Microsoft’s Anti-virus Service – New Details

New details have come to light about Microsoft’s new anti-virus service. The details came from an executive at MS’s French headquarters, and feature information unconfirmed by US sources.

The anti-virus product will be a stand-alone package based on tools acquired from Microsoft’s recent acquisitions of GeCad and Pelican Software. The software will work in two ways: the first component will use a regularly updated virus definitions database to identify viruses by a unique signature.

This method is used by almost all anti-virus packages in the market today – each virus and its variants have a unique sequence of bytes that can be spotted by scanning memory and hard-drives. This method is only effective against new viruses if the database is updated regularly to feature newly discovered “fingerprints”, otherwise infection can still take place.

The second ant-virus measure scans for previous infections and provides a risk assessment for users. It’s not yet clear if the package will provide system scanning to halt suspicious behaviour, such as bypassing the operating system to write to disk or accessing email address books, which will prevent unknown viruses wreaking havoc.

Given that Microsoft estimates that two out of three computer users do not have up-to-date anti-virus software, this could be a very lucrative move. According to anti-virus specialists Sophos, 4,677 new virus were reported in the first six months of 2004.

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Fraser Lovatt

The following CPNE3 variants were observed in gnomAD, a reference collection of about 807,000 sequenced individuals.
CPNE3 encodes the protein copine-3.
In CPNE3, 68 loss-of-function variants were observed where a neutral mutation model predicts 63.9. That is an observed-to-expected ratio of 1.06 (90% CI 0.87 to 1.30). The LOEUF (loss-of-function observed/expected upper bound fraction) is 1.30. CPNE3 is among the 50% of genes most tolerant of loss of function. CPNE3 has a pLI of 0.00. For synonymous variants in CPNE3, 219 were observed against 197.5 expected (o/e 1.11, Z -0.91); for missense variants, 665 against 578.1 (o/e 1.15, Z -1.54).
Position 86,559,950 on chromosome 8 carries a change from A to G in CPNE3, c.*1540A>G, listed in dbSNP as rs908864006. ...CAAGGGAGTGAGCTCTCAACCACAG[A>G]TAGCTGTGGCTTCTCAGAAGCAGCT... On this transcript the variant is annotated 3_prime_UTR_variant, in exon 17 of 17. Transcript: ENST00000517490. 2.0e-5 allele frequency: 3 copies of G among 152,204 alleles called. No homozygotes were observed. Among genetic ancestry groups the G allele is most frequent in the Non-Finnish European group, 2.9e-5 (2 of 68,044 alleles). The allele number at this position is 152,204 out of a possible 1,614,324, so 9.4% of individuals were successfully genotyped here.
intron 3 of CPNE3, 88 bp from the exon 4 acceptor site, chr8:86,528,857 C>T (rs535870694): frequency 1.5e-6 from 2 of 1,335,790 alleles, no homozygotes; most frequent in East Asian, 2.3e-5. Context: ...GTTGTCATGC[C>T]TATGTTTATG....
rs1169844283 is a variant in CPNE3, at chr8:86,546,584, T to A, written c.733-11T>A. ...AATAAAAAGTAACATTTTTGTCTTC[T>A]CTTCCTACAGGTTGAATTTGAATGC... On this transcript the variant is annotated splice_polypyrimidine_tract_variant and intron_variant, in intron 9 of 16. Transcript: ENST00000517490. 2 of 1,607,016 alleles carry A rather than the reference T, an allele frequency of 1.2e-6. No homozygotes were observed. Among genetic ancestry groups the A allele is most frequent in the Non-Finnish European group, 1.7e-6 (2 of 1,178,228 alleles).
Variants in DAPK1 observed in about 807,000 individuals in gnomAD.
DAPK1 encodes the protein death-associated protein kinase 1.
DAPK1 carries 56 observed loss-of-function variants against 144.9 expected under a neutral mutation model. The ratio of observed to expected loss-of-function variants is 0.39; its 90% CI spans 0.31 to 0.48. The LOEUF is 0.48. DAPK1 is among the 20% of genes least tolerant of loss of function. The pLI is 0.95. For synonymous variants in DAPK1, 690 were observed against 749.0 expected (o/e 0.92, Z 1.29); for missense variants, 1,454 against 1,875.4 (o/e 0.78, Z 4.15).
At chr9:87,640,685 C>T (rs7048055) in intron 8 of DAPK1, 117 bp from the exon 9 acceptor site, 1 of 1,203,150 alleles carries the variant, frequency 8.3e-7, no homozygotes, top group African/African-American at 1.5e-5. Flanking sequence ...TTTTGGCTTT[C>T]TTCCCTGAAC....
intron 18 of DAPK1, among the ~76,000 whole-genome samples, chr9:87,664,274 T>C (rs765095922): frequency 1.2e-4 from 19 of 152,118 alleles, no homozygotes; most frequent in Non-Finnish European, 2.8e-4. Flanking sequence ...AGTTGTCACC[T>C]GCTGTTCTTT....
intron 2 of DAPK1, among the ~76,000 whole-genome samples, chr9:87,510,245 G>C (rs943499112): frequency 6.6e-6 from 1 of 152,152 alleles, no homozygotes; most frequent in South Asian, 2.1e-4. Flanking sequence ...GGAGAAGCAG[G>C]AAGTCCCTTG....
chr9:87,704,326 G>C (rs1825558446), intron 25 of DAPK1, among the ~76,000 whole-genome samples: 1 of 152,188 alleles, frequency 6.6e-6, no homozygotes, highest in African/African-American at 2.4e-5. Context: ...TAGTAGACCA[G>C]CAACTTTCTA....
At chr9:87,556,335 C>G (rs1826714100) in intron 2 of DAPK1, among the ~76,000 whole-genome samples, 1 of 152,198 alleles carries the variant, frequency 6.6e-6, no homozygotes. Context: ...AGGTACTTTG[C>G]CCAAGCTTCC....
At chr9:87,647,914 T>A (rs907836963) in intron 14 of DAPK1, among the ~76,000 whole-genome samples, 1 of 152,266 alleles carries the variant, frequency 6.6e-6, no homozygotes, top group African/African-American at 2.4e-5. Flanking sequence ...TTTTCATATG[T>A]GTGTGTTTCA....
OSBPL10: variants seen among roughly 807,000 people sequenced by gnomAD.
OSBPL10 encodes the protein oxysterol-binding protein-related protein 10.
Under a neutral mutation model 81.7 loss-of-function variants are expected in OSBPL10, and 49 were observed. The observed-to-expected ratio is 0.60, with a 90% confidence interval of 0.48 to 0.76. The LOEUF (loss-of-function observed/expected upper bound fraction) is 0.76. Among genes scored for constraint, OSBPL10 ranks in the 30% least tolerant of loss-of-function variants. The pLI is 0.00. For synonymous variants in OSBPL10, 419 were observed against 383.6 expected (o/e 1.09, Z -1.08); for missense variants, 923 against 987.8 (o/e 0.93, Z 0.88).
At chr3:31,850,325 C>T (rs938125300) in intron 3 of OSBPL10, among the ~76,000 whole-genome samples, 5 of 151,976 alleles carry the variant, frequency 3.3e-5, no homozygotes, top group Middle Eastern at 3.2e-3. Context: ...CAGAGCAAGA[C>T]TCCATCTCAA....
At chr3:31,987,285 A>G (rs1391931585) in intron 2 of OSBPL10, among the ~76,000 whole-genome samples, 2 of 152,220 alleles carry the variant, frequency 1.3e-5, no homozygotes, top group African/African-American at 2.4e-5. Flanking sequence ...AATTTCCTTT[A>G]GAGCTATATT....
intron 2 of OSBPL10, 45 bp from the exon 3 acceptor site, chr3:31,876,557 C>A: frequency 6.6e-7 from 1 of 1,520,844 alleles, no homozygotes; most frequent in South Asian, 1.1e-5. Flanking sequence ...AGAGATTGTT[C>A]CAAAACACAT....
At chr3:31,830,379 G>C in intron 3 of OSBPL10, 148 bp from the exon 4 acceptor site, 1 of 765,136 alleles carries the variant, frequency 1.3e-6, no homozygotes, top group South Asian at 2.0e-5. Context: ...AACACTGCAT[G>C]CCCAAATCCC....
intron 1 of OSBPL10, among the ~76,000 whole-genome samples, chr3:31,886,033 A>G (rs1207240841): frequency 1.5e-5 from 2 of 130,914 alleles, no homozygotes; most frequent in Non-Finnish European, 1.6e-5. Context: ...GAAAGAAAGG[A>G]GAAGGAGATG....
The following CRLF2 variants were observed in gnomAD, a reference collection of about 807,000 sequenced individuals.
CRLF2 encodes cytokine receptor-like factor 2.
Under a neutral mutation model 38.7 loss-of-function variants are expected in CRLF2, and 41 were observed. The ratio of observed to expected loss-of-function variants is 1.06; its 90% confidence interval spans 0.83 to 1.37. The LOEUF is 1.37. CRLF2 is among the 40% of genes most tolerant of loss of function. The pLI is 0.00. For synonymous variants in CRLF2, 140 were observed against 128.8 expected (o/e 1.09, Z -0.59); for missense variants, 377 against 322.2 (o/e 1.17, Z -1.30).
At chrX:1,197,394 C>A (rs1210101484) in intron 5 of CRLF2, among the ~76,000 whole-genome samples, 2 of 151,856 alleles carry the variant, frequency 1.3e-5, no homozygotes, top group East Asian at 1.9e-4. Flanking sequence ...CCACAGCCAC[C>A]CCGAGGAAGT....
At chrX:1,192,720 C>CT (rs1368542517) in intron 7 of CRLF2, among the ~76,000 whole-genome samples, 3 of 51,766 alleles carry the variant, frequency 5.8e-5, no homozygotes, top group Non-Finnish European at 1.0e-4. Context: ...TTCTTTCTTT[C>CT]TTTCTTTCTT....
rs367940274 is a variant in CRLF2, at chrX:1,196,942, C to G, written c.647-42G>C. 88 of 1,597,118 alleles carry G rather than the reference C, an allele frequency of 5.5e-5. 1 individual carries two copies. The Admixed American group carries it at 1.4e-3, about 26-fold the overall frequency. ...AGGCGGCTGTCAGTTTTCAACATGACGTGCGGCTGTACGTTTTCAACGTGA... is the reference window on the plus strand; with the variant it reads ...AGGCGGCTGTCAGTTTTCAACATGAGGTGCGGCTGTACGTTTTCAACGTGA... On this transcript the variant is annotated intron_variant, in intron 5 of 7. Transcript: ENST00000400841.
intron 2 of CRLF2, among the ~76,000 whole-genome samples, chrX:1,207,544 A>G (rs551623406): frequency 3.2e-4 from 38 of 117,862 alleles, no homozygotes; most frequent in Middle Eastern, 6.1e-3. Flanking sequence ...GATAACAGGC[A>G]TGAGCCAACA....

Fraser Lovatt has spent the last fifteen years working in publishing, TV and the Internet in various capacities, and believes that they will be seperate platforms for at least a while yet. His main interests at the moment are exploring where Linux is taking home entertainment and how technology is conferring technical skills on more and more people. Fraser Lovatt was born in the same year that 2001: A Space Odyssey was delighting and confusing people in the cinemas, and developed a lifelong love of technology as soon as he realised that things could be taken apart, sometimes put back together again, but mostly left in bits or made into something the original designer hadn't quite planned upon. At school he was definitely in the ZX Spectrum/Magpie/BMX camp, rather than the BBC Micro/Blue Peter/well-behaved group. This is all deeply ironic as he later went on to spend nine years working at the BBC. After a few years of working as a bookseller in Scotland, ("Back when it was actually a skilled profession" he'll tell anyone still listening), he moved to England for reasons he can't quite explain adequately to himself. After a couple of publishing jobs punctuated by sporadic bursts of travelling and photography came the aforementioned nine years at the BBC where he specialised in internet technologies and video. These days his primary interests are Java, Linux, videogames and pies - and if they're not candidates for convergence, then what is?